Historical Tumut No. 5

25 January 1910 The Tumut Advocate and Farmers and Settlers' Adviser

[By "Wombat."]

Mr. Robertson had as a partner a Mr. Barrymore.

He owned and resided in those promises known as " Comely Bank," now owned by Mrs J Nestor.

Like many of our oldest identities, he has passed away from earthly scenes.

My readers will pardon me for here making an addenda to my previous remarks, with a view to bringing in some worthy identities previously overlooked.

It will be considered how very difficult is my task when attempted in chronological sequence.

In 1841 a group of sturdy immigrants arrived in Sydney.

Amongst them were the following married couples:- Mr. and Mrs Jas Brennan (who hailed from Limerick, parents of Messrs Edward, Martin and Lawrence Brennan and of Mrs N Porter), Mr. and Mrs Richard Brett (who were near neighbours, just across the border, in County Tipperary, parents of Richard Brett, Tumut), and Mr. and Mrs Denny Keefe and Mr. and Mrs Michael Quirk (Wagra).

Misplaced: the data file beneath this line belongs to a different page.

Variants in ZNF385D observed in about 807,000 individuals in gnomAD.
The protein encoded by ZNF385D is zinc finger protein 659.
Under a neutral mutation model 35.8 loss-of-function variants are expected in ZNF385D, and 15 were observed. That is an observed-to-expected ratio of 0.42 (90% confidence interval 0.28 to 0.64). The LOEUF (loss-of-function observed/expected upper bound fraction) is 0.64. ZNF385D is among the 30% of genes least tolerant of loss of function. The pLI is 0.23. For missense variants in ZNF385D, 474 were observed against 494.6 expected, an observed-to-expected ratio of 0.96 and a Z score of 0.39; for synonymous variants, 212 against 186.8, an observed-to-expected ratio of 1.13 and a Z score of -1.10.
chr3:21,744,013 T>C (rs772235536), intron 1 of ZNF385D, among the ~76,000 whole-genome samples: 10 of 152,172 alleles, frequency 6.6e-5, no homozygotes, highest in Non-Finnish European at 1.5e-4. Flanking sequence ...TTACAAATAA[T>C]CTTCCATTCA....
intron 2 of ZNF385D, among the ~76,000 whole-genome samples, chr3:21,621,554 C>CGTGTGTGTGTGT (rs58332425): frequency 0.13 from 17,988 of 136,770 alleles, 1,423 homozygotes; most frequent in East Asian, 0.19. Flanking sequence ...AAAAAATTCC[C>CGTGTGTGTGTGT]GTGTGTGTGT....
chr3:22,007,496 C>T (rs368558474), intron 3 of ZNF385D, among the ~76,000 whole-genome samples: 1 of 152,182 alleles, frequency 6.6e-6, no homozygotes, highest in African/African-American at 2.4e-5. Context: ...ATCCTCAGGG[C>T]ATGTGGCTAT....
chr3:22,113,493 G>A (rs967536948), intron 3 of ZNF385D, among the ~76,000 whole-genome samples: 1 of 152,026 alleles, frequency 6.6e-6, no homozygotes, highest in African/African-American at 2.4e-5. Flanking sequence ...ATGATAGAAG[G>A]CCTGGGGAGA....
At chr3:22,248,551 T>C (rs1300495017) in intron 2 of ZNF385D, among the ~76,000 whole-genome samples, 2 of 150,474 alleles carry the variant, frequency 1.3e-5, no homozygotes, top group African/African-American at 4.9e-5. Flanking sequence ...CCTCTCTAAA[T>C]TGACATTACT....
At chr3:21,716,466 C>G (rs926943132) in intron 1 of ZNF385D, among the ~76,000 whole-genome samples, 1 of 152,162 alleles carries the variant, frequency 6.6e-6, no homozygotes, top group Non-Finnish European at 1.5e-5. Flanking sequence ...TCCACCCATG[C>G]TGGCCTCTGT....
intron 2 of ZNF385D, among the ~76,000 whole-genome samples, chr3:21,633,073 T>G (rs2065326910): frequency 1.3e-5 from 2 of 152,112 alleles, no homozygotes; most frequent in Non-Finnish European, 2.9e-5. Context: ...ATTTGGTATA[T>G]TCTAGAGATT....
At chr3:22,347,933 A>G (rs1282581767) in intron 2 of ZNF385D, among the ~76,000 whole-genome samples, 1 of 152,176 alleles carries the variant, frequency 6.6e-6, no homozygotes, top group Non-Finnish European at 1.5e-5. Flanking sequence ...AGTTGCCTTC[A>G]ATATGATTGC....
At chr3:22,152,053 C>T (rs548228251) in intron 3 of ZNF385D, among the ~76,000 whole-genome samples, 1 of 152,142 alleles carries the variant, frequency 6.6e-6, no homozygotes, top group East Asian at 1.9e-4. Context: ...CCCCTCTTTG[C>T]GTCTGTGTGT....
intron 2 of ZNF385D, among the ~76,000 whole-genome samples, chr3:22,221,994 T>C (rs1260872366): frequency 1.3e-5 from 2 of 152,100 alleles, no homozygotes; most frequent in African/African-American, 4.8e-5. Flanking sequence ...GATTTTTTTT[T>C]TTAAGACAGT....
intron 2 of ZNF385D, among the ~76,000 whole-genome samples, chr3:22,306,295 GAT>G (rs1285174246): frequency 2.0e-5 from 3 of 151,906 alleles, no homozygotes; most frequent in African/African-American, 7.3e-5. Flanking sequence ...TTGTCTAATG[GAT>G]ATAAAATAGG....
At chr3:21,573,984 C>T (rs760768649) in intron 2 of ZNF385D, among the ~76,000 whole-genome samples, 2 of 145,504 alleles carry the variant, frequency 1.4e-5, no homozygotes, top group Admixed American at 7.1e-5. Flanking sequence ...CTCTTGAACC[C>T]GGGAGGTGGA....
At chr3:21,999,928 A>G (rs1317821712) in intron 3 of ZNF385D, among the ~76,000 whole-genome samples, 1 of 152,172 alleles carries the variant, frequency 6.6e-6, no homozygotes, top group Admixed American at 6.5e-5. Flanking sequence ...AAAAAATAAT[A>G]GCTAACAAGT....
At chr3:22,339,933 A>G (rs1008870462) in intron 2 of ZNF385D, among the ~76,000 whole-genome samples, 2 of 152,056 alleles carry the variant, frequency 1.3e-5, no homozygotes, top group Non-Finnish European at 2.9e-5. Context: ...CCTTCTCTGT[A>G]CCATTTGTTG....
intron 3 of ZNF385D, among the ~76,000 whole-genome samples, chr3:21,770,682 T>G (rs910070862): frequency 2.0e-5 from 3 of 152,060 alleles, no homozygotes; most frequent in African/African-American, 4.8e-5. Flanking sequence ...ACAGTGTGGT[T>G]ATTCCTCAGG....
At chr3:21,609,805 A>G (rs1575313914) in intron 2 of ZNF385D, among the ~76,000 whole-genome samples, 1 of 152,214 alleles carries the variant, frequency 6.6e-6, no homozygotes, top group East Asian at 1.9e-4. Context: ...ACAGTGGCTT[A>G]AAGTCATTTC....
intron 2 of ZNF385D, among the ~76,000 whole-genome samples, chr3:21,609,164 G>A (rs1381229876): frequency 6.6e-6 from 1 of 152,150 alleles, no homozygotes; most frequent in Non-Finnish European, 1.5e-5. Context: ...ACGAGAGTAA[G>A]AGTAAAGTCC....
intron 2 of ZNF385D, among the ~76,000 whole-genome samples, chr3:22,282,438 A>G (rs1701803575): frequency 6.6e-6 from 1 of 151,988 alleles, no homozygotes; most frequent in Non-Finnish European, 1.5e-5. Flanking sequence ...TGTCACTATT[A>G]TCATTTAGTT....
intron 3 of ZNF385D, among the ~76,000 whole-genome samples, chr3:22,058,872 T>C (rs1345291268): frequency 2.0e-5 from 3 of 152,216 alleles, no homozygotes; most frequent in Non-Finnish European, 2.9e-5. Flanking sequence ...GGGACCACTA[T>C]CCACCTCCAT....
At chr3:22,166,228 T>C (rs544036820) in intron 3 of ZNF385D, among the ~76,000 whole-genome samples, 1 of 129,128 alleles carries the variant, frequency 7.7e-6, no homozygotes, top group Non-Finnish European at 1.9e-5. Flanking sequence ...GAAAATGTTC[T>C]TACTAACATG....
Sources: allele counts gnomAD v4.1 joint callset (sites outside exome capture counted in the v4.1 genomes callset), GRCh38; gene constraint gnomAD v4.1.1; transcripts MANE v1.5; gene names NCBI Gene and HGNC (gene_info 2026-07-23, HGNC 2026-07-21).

Leaving the ship, they faced at once the hardships and the dangers of the bush, and came up country to Darbalara, then owned by the Hon L F De Salis.

After some years spent there, having by persevering frugality and steady work amassed some capital, the late Mr. James Brennan and, if I remember rightly, Mr. Richard Brett rented farms from Mr. Archer Broughton, of Gocup, the latter residing on the site of Mr. Samuel Gordon's present smiling homestead.

 When Sir John Robertson's Free-selection Bill became law, Mr. James Brennan quickly availed himself of its privileges and, with rare foresight, took up land in the vicinity of Gocup, thus founding the well known Eurobin Estate, now under the management of Mr. Edward Brennan.

Mr. James Brennan, the father of the family, was a grand type of man. His shipmates were worthy men and women, who proved hardy pioneers and prospered, and whose progeny are all well known and respected to-day.

In 1811, Mr. William Haydon (father of Messrs John and Robert Haydon, of Tumut and Argalong respectively) came to Tumut. He was the first wheelwright and undertaker, and carried on his business in the now defunct town on the flat; and Mr. William Eggleton was the first blacksmith.